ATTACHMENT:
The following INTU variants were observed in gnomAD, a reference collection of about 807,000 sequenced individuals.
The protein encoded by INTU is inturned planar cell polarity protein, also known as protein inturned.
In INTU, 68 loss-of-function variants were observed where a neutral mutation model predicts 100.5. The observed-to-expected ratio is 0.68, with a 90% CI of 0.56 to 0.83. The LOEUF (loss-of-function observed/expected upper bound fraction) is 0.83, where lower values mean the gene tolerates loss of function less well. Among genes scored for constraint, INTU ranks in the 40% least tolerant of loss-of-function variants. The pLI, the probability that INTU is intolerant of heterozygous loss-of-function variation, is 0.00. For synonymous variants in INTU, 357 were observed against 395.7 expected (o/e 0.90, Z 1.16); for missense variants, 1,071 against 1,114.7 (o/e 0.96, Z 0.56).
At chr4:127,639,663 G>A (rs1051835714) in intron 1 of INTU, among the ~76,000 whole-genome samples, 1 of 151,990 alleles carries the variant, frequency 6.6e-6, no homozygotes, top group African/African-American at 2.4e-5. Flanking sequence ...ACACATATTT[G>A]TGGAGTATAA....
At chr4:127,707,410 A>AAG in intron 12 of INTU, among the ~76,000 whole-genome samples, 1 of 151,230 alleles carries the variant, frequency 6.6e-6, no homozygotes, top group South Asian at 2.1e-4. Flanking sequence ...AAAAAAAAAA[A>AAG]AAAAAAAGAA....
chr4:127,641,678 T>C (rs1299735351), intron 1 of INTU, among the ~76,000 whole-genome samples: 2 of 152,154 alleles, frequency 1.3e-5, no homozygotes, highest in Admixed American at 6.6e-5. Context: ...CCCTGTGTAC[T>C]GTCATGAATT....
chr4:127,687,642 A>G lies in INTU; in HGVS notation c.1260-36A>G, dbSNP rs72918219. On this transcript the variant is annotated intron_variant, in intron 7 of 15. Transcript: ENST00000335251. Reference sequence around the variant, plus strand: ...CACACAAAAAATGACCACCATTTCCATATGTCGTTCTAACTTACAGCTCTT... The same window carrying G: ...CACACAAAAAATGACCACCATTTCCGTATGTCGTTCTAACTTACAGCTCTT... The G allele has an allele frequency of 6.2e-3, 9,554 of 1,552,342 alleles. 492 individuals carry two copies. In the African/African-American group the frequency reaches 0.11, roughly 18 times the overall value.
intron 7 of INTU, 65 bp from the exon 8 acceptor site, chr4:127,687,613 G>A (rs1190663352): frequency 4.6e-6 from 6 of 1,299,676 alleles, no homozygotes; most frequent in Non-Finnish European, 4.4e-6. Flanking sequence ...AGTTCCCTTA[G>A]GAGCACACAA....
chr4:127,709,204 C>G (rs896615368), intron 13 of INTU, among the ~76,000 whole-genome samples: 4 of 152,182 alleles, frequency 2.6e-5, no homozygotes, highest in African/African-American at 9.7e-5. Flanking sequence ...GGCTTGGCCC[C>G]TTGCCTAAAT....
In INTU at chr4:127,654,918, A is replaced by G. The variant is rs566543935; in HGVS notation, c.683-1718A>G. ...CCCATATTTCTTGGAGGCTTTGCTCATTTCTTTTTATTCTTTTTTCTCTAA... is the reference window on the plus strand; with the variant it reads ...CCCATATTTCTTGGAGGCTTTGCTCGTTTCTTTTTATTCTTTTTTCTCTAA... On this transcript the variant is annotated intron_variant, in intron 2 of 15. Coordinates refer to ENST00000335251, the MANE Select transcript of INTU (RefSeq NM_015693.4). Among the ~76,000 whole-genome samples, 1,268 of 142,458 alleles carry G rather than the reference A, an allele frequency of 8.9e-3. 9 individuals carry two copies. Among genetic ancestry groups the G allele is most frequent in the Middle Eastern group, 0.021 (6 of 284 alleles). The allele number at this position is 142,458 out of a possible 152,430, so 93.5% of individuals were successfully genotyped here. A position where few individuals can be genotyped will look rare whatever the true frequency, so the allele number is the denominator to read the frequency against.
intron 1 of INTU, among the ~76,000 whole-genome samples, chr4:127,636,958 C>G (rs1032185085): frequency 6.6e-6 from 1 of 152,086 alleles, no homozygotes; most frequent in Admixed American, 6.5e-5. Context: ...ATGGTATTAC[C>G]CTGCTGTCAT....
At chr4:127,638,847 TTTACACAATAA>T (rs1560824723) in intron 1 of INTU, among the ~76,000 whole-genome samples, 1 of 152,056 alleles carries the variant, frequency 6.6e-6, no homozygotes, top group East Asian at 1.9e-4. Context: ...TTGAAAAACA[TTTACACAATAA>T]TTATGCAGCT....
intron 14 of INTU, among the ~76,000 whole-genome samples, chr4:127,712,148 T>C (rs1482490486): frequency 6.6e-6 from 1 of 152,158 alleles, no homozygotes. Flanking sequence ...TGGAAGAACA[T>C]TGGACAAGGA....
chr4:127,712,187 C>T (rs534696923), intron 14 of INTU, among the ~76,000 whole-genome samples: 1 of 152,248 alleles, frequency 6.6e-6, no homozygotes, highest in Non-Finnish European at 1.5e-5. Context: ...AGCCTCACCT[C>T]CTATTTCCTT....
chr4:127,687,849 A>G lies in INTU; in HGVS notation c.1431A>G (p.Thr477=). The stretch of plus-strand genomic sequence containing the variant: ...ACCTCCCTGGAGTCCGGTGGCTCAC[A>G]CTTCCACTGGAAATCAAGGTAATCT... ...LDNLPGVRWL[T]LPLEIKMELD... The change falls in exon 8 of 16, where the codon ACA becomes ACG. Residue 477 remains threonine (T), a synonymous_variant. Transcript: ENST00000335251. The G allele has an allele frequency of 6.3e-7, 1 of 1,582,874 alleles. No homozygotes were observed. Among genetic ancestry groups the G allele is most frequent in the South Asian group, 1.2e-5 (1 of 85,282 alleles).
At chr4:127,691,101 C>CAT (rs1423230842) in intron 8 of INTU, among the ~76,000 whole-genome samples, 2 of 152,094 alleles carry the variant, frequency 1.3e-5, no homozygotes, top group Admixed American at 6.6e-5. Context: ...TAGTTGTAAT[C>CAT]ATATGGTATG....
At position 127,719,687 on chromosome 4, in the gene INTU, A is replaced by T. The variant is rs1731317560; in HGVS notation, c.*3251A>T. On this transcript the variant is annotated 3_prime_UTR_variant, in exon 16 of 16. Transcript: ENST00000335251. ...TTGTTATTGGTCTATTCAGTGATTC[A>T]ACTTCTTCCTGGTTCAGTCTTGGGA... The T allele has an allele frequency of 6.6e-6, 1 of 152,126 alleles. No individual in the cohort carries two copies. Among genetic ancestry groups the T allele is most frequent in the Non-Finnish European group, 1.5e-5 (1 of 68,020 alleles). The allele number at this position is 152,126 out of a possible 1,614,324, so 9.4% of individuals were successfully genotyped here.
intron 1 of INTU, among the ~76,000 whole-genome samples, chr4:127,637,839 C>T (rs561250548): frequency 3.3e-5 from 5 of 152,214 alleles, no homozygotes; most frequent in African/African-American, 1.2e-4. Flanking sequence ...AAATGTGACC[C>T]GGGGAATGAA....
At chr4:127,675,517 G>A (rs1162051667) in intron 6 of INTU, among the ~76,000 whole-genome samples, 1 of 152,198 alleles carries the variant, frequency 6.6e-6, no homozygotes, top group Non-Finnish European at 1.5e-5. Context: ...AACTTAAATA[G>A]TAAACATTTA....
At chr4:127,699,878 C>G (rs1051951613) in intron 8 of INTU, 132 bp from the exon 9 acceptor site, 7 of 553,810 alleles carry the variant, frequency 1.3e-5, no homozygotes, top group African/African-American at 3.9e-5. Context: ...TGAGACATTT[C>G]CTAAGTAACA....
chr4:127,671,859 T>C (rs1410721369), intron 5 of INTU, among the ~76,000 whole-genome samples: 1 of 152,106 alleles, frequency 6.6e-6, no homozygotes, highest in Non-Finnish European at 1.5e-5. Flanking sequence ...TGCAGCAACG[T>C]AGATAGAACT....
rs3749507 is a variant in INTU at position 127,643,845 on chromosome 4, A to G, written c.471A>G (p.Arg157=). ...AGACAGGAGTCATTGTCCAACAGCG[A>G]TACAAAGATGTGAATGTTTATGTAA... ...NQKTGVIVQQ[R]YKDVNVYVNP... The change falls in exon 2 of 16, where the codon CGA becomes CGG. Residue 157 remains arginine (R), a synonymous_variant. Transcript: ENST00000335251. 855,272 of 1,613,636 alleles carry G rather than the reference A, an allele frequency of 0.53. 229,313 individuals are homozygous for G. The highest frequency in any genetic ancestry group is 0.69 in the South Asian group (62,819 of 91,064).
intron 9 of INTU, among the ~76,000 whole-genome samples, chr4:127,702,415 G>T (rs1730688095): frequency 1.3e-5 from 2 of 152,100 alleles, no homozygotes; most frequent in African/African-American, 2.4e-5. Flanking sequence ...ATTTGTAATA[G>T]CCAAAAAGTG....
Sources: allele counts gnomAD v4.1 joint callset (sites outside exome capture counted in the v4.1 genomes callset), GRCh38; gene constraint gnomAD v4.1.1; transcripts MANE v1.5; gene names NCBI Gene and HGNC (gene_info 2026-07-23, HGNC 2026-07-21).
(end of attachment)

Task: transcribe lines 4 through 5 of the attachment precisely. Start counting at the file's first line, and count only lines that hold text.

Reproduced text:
At chr4:127,639,663 G>A (rs1051835714) in intron 1 of INTU, among the ~76,000 whole-genome samples, 1 of 151,990 alleles carries the variant, frequency 6.6e-6, no homozygotes, top group African/African-American at 2.4e-5. Flanking sequence ...ACACATATTT[G>A]TGGAGTATAA....
At chr4:127,707,410 A>AAG in intron 12 of INTU, among the ~76,000 whole-genome samples, 1 of 151,230 alleles carries the variant, frequency 6.6e-6, no homozygotes, top group South Asian at 2.1e-4. Flanking sequence ...AAAAAAAAAA[A>AAG]AAAAAAAGAA....